Working all of this information into the book was very tricky, actually, because the story is told from Neal’s perspective.  Since he has no access to Zach’s doctors, I couldn’t be clear on the diagnosis or all aspects of the treatment—and I didn’t really want to be.  The book is primarily about Neal’s perception of what’s wrong with Zach—and ultimately, it’s more about Neal, anyway.  I liked the mystery.   



What is the significance of the title?


I chose this title to suggest a number of things.  On the simplest level, it suggests romantic chemistry—that ineffable quality that brings two people together, even if they may appear to have nothing in common.  On a literal level, the novel explores brain chemistry (the ostensible cause of Zach’s depression) and the drugs (more chemicals) used to treat it.  And finally, throughout the book I use chemistry as a metaphor for the interactions between people, the ways in which relationships change each individual and reveal new truths.



What’s your perspective on antidepressants, and what did you base it on?


I don’t pretend to be an expert on either mental illness or psychiatry.  In researching the book, however, I did consult with experts—including psychologists and a psychopharmacologist—and I did a lot of reading.  A few points quickly became evident.  First, antidepressants basically treat the symptoms of depression—they realign brain chemistry.  They don’t necessarily address what caused the chemical change in the first place, which very well could be psychic trauma.  So medication alone is less effective than medication prescribed in conjunction with counseling.  Second, there’s a lot of debate in the literature about the connection between antidepressants and suicide risk; many studies, in fact, have found no correlation at all.  Antidepressants may make you feel better on the whole—whatever that means—but the rates of suicidal ideation do not necessarily decrease.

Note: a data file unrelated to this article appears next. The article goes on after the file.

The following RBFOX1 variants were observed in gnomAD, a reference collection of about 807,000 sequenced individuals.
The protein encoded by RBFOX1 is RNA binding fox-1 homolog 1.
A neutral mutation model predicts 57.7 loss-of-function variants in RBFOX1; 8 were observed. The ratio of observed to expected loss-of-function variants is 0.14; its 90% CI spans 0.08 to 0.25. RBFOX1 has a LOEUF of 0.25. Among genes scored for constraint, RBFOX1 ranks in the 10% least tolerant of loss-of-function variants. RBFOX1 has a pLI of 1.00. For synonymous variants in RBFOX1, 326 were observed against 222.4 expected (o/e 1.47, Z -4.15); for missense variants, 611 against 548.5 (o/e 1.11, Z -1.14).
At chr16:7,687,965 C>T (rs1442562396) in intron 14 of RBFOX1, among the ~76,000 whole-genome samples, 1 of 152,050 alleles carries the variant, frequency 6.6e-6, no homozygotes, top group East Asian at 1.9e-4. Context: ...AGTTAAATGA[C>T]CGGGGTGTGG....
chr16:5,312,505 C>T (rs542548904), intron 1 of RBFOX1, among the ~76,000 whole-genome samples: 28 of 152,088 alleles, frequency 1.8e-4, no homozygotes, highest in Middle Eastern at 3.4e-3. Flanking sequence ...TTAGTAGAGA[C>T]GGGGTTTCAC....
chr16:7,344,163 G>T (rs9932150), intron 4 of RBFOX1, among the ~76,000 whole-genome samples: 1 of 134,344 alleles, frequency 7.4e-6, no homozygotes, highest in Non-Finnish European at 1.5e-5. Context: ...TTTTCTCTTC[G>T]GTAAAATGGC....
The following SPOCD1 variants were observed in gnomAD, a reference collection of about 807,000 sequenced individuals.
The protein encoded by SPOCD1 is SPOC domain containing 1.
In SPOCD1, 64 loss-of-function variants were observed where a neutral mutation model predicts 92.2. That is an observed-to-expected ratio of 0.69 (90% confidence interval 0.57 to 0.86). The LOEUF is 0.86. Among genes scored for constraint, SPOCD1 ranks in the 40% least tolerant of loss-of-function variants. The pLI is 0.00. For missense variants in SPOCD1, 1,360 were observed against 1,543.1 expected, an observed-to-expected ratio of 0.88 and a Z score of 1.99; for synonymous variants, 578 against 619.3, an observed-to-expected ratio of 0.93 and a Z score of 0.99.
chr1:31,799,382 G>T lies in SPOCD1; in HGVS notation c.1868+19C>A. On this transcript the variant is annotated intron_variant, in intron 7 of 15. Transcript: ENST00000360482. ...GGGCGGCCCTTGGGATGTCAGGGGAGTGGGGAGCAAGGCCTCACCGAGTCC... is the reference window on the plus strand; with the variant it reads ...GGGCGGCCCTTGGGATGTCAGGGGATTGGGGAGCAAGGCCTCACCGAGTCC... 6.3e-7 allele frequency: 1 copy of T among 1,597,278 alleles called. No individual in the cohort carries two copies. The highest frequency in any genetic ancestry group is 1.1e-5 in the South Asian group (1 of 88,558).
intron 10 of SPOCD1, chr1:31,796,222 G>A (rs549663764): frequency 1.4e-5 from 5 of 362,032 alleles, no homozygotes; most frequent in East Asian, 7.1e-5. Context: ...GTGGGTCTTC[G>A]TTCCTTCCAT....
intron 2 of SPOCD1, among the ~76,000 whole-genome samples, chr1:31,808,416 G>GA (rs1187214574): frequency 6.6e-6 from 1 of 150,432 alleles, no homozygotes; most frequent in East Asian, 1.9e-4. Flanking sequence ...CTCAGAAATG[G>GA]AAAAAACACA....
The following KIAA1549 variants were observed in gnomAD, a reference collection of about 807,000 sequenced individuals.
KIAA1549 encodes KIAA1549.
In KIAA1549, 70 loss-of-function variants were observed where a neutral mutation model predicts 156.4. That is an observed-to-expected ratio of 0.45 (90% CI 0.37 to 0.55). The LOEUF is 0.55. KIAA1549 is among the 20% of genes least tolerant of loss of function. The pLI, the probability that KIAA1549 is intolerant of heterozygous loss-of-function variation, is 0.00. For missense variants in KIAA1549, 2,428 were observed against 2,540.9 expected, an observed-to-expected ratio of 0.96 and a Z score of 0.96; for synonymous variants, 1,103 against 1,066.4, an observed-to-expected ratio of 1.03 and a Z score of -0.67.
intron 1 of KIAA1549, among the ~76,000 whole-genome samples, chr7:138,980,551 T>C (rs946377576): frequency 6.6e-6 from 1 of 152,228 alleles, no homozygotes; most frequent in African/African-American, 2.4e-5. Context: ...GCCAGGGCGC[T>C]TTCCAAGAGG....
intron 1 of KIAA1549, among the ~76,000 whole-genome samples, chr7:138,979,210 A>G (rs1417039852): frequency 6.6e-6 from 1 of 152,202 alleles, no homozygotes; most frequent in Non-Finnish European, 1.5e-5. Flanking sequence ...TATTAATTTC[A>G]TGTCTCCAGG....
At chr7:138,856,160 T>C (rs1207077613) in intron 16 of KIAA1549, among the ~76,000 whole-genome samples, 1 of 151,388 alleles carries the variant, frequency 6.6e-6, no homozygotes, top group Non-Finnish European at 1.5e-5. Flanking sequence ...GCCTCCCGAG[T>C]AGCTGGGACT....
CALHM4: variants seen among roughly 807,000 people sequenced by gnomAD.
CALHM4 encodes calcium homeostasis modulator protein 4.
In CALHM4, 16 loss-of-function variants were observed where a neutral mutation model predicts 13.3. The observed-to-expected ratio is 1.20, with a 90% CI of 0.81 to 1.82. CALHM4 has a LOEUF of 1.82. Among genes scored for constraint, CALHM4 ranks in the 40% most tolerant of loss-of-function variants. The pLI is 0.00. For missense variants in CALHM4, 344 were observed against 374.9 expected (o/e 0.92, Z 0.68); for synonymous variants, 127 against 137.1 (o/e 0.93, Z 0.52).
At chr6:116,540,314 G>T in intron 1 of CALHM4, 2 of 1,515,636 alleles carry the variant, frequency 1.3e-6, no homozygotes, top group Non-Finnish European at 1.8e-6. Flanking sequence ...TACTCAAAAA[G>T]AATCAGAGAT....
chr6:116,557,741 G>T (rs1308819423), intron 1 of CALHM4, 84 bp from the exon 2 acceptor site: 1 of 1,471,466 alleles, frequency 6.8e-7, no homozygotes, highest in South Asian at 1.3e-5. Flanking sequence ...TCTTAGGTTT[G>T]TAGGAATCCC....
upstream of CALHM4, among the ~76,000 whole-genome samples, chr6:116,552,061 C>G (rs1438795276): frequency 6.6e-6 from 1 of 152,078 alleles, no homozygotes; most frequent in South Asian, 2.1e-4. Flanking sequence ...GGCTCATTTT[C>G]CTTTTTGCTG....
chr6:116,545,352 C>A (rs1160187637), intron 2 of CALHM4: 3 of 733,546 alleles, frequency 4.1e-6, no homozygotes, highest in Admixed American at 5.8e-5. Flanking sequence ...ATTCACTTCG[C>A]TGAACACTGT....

One study I read said that the use of antidepressants increased 50% in the 1990s—and now they’re being used for a whole variety of issues.  Their success is akin to Viagra’s:  as soon as a symptom arises, people want a quick fix.  They go to the doctor and ask for a pill.  A responsible doctor, of course, will look at the whole picture to see if counseling is needed, if there’s an underlying emotional cause that can be dealt with through talk therapy.  But an awful lot of people get antidepressants from their primary care doctors—not from psychiatrists.  And psychiatrists often simply write prescriptions rather than directly counsel patients.  So there are a whole bunch of people out there whose only support for their problem is a little pill.